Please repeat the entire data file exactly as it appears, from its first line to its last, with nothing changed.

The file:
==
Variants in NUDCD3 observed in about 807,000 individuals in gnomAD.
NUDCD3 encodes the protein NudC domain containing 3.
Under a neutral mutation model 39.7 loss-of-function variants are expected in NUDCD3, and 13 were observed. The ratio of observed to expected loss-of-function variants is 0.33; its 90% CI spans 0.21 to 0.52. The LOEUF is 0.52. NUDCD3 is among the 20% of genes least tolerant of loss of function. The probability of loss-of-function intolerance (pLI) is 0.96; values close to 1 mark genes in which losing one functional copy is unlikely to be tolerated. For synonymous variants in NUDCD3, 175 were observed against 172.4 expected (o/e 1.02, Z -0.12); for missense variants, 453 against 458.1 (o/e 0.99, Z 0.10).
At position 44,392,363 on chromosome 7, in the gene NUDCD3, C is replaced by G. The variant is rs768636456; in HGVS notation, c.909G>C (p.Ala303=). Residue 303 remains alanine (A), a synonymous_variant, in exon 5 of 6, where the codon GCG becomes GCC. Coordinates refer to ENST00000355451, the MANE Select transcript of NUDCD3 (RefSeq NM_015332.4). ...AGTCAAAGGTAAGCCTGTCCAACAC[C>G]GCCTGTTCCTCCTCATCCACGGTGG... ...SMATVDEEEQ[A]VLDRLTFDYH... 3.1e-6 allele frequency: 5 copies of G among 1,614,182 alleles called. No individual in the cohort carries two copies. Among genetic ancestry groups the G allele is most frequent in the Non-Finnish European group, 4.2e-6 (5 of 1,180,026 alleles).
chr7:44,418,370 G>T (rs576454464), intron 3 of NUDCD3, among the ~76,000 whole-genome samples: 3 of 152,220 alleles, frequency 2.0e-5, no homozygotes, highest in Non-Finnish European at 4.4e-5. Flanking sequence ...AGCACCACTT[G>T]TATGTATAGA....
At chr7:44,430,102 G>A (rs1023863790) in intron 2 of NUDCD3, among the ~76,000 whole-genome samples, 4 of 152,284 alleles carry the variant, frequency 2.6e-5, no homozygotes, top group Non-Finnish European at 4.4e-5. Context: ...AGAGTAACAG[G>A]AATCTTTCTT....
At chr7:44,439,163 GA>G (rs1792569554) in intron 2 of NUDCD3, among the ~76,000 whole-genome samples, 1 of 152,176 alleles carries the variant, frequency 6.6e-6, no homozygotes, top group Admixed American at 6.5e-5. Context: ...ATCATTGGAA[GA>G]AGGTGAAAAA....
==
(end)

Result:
Variants in NUDCD3 observed in about 807,000 individuals in gnomAD.
NUDCD3 encodes the protein NudC domain containing 3.
Under a neutral mutation model 39.7 loss-of-function variants are expected in NUDCD3, and 13 were observed. The ratio of observed to expected loss-of-function variants is 0.33; its 90% CI spans 0.21 to 0.52. The LOEUF is 0.52. NUDCD3 is among the 20% of genes least tolerant of loss of function. The probability of loss-of-function intolerance (pLI) is 0.96; values close to 1 mark genes in which losing one functional copy is unlikely to be tolerated. For synonymous variants in NUDCD3, 175 were observed against 172.4 expected (o/e 1.02, Z -0.12); for missense variants, 453 against 458.1 (o/e 0.99, Z 0.10).
At position 44,392,363 on chromosome 7, in the gene NUDCD3, C is replaced by G. The variant is rs768636456; in HGVS notation, c.909G>C (p.Ala303=). Residue 303 remains alanine (A), a synonymous_variant, in exon 5 of 6, where the codon GCG becomes GCC. Coordinates refer to ENST00000355451, the MANE Select transcript of NUDCD3 (RefSeq NM_015332.4). ...AGTCAAAGGTAAGCCTGTCCAACAC[C>G]GCCTGTTCCTCCTCATCCACGGTGG... ...SMATVDEEEQ[A]VLDRLTFDYH... 3.1e-6 allele frequency: 5 copies of G among 1,614,182 alleles called. No individual in the cohort carries two copies. Among genetic ancestry groups the G allele is most frequent in the Non-Finnish European group, 4.2e-6 (5 of 1,180,026 alleles).
chr7:44,418,370 G>T (rs576454464), intron 3 of NUDCD3, among the ~76,000 whole-genome samples: 3 of 152,220 alleles, frequency 2.0e-5, no homozygotes, highest in Non-Finnish European at 4.4e-5. Flanking sequence ...AGCACCACTT[G>T]TATGTATAGA....
At chr7:44,430,102 G>A (rs1023863790) in intron 2 of NUDCD3, among the ~76,000 whole-genome samples, 4 of 152,284 alleles carry the variant, frequency 2.6e-5, no homozygotes, top group Non-Finnish European at 4.4e-5. Context: ...AGAGTAACAG[G>A]AATCTTTCTT....
At chr7:44,439,163 GA>G (rs1792569554) in intron 2 of NUDCD3, among the ~76,000 whole-genome samples, 1 of 152,176 alleles carries the variant, frequency 6.6e-6, no homozygotes, top group Admixed American at 6.5e-5. Context: ...ATCATTGGAA[GA>G]AGGTGAAAAA....